Permanent Jewelry - It's a Keeper

Permanent Jewelry Is Here to Stay

Get zapped: The trend sparking interest among customers of all ages.


 Get zapped: The trend sparking interest among customers of all ages.

Permanent jewelry is the hottest trend to hit the retail space since multiple ear piercings. It spans demographics, just like the rage for mix-and-match and mismatched earrings did a few years back. And it’s not just a New York- or Los Angeles-based fad; it’s been spreading across the US as fast as you can say “zapped,” which is how stores refer to the welding process that keeps these pieces in place. 

As the name suggests, customers wear their permanent jewelry 24/7 — predominantly bracelets at present, featuring charms or diamond and gemstone accents. The popularity of these pieces often makes for multiple sales, since jewelers say their clients can’t stop at just one. The process involves fusing the ends of the chain together around the wrist, securing the bracelet so it can’t slide off or be removed easily. If the wearer does need to take it off — say, for a medical procedure or a major event — they can do so with just a pair of scissors or a jewelry cutter. The chain can later be welded back together. 

It’s a keeper

Plenty of women own jewelry they never want to take off — the sentimental pieces they’ve worn so long that they’ve become like a second skin or a tattoo, or the styles that go with everything else in their jewelry rotation. The permanent-jewelry trend taps into the appeal of these meaningful everyday pieces. It also assuages the fear of losing a beloved jewel, as it won’t come undone or fall off while you’re changing your clothes or going about your day. You can even shower without worrying it will fall down the drain. 

 Of course, the concept isn’t entirely new. Consumers and retailers alike view permanent jewelry as a modern — albeit more delicate and link-style — version of the classic Cartier Love bracelet, which designer Aldo Cipullo created in 1969. Screw mechanisms secure this iconic piece around the wrist — though unlike the current permanent designs, it comes with a screwdriver to uncuff the wearer. Originally intended to show the enduring commitment and romance a couple shares, the Love bracelet has also become a self-purchase item in the past 10 years and remains one of the most commonly worn bracelets today.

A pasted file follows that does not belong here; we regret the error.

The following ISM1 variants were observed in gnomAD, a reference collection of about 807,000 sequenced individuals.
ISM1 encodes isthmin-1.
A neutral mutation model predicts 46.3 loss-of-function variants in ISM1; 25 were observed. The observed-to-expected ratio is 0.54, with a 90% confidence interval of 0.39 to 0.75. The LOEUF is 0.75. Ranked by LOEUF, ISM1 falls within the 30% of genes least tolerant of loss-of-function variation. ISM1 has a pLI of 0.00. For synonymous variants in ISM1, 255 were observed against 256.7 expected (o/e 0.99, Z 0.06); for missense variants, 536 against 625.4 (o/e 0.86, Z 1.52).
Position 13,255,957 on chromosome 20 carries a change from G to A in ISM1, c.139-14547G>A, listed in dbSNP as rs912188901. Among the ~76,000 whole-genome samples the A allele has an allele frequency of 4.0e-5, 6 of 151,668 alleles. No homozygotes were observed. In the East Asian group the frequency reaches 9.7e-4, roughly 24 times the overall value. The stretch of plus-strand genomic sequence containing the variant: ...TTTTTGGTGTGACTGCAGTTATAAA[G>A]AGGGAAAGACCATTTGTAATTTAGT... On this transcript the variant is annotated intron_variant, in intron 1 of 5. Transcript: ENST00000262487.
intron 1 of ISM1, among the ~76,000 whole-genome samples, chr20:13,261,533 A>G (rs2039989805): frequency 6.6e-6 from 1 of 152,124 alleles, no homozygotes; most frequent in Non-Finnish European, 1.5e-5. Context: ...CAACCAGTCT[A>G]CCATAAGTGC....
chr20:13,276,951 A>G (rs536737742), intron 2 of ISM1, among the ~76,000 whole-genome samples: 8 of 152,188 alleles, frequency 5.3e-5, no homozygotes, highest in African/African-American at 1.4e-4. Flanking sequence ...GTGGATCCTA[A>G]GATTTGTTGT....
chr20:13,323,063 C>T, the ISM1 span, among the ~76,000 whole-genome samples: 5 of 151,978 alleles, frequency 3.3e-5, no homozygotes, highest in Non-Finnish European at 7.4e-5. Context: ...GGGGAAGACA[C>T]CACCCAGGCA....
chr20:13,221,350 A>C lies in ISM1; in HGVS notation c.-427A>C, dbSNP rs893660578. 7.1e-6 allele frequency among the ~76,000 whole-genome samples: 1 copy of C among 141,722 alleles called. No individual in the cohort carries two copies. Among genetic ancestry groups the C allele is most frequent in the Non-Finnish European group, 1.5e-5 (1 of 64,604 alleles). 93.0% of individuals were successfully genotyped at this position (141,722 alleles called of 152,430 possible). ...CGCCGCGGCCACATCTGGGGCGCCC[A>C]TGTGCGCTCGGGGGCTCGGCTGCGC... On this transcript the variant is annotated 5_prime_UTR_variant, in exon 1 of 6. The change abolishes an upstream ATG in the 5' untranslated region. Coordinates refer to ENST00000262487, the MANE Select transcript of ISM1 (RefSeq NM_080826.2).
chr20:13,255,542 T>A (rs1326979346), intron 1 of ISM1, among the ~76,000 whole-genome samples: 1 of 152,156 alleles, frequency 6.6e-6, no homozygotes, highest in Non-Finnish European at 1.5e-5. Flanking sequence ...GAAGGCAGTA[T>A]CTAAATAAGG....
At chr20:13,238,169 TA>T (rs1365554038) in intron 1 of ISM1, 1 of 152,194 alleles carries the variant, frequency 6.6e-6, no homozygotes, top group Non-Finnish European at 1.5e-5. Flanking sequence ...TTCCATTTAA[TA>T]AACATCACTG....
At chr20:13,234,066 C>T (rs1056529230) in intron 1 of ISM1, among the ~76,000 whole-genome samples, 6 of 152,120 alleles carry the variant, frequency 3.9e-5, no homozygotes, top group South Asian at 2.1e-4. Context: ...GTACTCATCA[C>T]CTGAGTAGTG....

Sterling silver bracelets worn by friends. 

Better with friends

Permanent jewelry is often about bonding with loved ones, and the retail experience of getting zapped together has been driving sales since before the pandemic. Catbird, which has two stores in New York, was one of the first retailers to offer what it trademarked as Forever Bracelets, creating personalized styles from a range of chains and charms. It began by hosting events, then added pop-ups in different cities, and then shifted mainly to an appointment-based system. 


Aurelie Gi ‘For Keeps’ bracelet. (Aurelie Gi)


The For Keeps line is available at several stores throughout the country and offers a range of ways to customize bracelets with different chains, charms and gemstones. This year will mark the collection’s foray into anklets, rings and necklaces.

“Getting jewels welded on tends to be a group experience,” observes Whitacre. “Mothers and daughters, romantic couples, BFFs, and entire bridal parties are coming into stores to share the experience together. It is a one-time event with a lasting and tangible emotional impact.”  

She affirms that “it’s hitting every demographic, from young girls who view these as the new friendship bracelets, to women in their 60s who desire something symbolic that [lets them] continue to add more styles or…exchange a special jewel.” 

Shop Shelter, Washington, DC. (Shop Shelter)


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Stuller shows the in-store welding process of a bracelet and necklace. (Stuller)



Main image: Permanent bracelets by Stuller. (Stuller)